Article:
Last night I dreamed about what my computer is doing when it’s busy —fully occupied with its own work— which happens quite a lot.
I mentioned this at breakfast time on twitter and my pal @NorfolkWastrel replied, quick as a flash, that it’s worse for users of Windows 1o. No doubt he’s right, but I wanted to write this down anyway, as though I were a follower of Jung. It’s a mixture of dream and reality but that’s rather how I find lockdown generally.
Mostly, I suspect, the computer is indexing. It must, somewhere, have a huge index of every word of every page of every file in my computer (and in the cloud-storage which goes with it) because it can search for any word and quite quickly find documents which contain it, displaying their filenames. There is a similar index+search system in the Mail programme but my hunch is that’s separate from the one for files. There’s a third searching thing in the corner of my screen which is called Spotlight and that seems to be able to find not just files but also emails and other stuff around the world (but not bibliography items in my EndNote). So maintaining all that must be time consuming.
It also likes to compile and send reports —probably more than it tells me. These are about crashes and freezes of software and they seem to contain cryptic logs of what was happening prior to the episode and get sent off to Apple (it’s an Apple computer) or to Microsoft (whose software often hangs or crashes). Nothing ever comes back from these reports, like advice on how to avoid the crashes, and I can’t see any detectable improvement in the software as version follows version.
Two examples from Apple. The standard Mail programme which comes bundled in with the operating system is given to quitting spontaneously without offering any reasons. It does this a few times every day. It’s easy to re-start and I have long since given up googling for explanations: it’s a “known problem” and there is nothing to be done. Why don’t all those reports lead Apple to fix the known problem?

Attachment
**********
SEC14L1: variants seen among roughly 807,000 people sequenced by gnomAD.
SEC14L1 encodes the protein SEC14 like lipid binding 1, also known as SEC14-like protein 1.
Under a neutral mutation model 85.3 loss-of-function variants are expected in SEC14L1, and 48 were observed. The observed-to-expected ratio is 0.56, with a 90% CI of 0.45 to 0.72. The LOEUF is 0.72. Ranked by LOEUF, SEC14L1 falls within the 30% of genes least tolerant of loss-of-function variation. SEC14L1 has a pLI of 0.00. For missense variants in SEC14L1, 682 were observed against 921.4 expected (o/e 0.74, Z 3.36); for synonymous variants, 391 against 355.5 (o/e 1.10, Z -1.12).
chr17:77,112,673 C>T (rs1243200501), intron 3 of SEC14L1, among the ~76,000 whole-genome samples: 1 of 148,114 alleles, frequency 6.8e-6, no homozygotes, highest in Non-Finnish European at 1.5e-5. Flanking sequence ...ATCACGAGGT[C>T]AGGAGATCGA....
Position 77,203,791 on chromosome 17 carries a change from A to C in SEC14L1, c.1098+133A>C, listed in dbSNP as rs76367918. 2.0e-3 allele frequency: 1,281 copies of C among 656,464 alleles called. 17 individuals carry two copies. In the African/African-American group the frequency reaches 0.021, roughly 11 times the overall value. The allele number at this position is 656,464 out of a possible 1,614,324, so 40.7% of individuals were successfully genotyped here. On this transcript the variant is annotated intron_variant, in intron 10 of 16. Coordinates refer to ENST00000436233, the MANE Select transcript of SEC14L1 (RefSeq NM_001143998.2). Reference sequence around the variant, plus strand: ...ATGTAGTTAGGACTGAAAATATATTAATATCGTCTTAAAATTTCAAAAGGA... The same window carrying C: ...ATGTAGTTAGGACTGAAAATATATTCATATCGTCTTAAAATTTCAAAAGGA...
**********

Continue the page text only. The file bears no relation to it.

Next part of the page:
The other example is the contacts list: I recently found that all my contacts. had disappeared: the database was empty. This also turns out to be a “known problem.” I managed to find a duplicate in a backup and replaced the content so all is well for the moment but…
So my dream gets me wondering, both about what all those people at Infinite Loop (Apple’s HQ) are doing all time and about what else is going on in my machine. The first question is probably a simple one: the Apple people have all been shifted to the new products division since it’s not very profitable to maintain and improve laptop software for us captive audience of users. And they need to conserve their profits to buy back their shares and further enrich their shareholders (and pay their tax lawyers).
More interesting is what the computer is doing locally. I can think of 3 things, increasingly fanciful.
First of course there is all the file management between local memory and the cloud storage that I now have to pay for: making sure that every pointless photo I ever took is archived and visible from every device with faces scanned, subjects identified & places named so that jolly albums called “St Ives Beach” or “Party in the forest” or Ken Burns fake movies with music can periodically be sent to me.
Secondly all those cookies. When I’m feeling strong and assertive I try to reject as many cookies as I can but I often fail and I must now be hosting thousands of the things. They all, presumably, have their work to do: noting where I go, what I buy, whom I communicate with, what I’m thinking and bundling that stuff up ready to dump back to Google or Cotswold Conservatories or FT.com or whoever planted the cookie to start with.
<rant> cookies are so stupid: why don’t they remember that I have already accepted them? They ask again for permission on every visit, making me furious. Even the Guardian, where I have a subscription, and where the site welcomes me by name on every visit, asks many time a day for permission to place its cookies and sends me the same grovelling requests for cash as they send to unknown users. Are they just trying to piss me off? </rant>
Finally the spies. Maybe there are cookies or other animals in here reporting to real estate think tanks in Westminster or to GCHQ about what I’m thinking and doing, since I’m clearly such a threat to the free world or to democracy or to capitalism itself. Who knows? It’s just a dream.
And of course my computer must spend as much time as I do waiting for VirginMedia to allow the next few bits of data to come or go.
NorfolkWastrel implied this morning that he could find out what his Windows computer was doing. Is there a way I can ask my Mac? You can see that I’d love to know.
Now back to work. 25 November 2020 1630h